Kansas University is poised to meet its obligation in the war on terrorism. Trouble is, the federal government isn't ready to do its part.
School officials said Friday the university was ready to submit data on each foreign student enrolled at KU, in time to meet a Jan. 30 federal homeland security deadline. But it's not clear whether the federal government will have a computer system ready to receive the information.
"We're just about good to go and feeling good about it," said Joe Potts, director of international student and scholar services. "But we're not able yet to test it with the federal system. They'd better be getting close to getting it done."
The Immigration and Naturalization Service set the Jan. 30 deadline for universities to have the new tracking system -- Student and Exchange Visa Information Service -- in place.
First-time students to the United States will be entered into the database beginning Jan. 30. Students who already are in the United States must be entered by Aug. 1.
The system includes information in 19 broad categories, including academic, personal and financial information about the students and their dependents, any disciplinary action, off-campus employment, and whether they have dropped below a full course of study.
Universities across the country have been scrambling to meet the deadline, which many university officials said was too soon.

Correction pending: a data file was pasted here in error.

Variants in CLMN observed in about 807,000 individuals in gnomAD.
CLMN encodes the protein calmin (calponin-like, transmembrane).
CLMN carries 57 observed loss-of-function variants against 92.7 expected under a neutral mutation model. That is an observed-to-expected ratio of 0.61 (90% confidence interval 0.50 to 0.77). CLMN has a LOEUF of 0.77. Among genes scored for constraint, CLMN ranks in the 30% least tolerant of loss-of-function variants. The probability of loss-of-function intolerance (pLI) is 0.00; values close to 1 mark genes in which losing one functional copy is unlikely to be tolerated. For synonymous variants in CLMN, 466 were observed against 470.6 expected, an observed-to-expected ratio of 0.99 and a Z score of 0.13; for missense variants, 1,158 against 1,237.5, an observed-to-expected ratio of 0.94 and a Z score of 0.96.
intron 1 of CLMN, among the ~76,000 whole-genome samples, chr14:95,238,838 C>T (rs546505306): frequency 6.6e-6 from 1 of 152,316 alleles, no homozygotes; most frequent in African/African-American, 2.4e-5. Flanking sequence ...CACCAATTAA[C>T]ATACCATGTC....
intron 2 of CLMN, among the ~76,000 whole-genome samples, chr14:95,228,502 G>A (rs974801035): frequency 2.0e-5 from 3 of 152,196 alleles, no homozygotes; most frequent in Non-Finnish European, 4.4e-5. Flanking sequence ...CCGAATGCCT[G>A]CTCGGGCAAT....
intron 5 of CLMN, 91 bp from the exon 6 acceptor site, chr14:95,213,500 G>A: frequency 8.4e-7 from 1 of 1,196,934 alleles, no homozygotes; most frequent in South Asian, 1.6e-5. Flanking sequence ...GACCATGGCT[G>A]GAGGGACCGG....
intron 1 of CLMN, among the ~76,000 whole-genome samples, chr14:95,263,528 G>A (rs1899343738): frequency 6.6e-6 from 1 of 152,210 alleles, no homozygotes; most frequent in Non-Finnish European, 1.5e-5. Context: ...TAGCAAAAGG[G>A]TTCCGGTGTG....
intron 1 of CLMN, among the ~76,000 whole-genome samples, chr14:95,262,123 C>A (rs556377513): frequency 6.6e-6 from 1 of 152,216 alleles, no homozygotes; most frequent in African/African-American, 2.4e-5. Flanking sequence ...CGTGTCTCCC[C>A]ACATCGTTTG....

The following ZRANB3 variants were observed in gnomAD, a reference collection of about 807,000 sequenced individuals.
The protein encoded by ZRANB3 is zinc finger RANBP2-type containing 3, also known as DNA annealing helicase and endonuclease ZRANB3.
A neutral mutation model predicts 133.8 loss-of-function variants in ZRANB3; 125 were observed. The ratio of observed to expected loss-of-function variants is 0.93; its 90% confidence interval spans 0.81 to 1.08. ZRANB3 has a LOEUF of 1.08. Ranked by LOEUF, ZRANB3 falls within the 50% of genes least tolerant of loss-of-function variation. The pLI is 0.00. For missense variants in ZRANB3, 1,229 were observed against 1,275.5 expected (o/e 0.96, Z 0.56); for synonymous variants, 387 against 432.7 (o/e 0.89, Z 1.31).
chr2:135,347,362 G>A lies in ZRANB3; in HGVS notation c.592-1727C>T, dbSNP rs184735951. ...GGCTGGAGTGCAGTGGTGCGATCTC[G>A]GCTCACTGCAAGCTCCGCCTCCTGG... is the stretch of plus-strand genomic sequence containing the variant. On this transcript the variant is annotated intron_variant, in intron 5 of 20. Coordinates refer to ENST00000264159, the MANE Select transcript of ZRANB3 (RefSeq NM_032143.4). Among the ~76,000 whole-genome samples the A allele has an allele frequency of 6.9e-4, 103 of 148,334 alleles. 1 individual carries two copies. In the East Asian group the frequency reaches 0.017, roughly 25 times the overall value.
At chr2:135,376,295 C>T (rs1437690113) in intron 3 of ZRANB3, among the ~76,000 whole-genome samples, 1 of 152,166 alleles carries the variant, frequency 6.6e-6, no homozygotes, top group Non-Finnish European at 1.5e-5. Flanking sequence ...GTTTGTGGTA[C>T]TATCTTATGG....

The INS has had a mandate to create a computerized system since 1996. But the long-delayed overhaul took on new urgency after the Sept. 11, 2001, attacks. Some of the terrorists involved in that day's hijackings had entered the United States on student visas.
The INS has completed one section of SEVIS, which uses a Web interface to allow universities to enter information one student at a time. Universities that enroll few international students -- including Baker University -- plan to use that method.
The section KU will use -- and the section not completed -- will download information directly from university databases, saving time and money. Potts said INS officials had indicated they would have the system complete in the next week.
"INS has created very high expectations they'll be ready by Jan. 30," he said. "I think they're working extremely hard to meet that deadline."
The computer equipment involved to interface with SEVIS cost KU $30,000, Potts said. KU also has hired one full-time and one part-time staff member for managing the system.
KU administrators earmarked $80,000 of new tuition money for the project this fall.
Potts called the system an "unfunded federal mandate."
"I have reservations about how much this is going to do to increase security," he said. "There will be some advantages and improvements that result from this in terms of better management of records we already have."
Potts said some students may view the database as an invasion of privacy and may choose to study in other countries.
INS spokesman Christopher Bentley defended SEVIS, saying it would be more efficient and accurate than former methods.
"Students just need to stay in compliance with their immigration status, make sure that they're taking the courses they're supposed to and stay out of trouble," he said. "The system is not tracking library fines. It's tracking foreign students staying in the U.S."
"Will SEVIS be able to stop the next 9-11? No," he added. "But it's part of a clear approach to helping national security in the United States."
-- The Associated Press contributed to this report.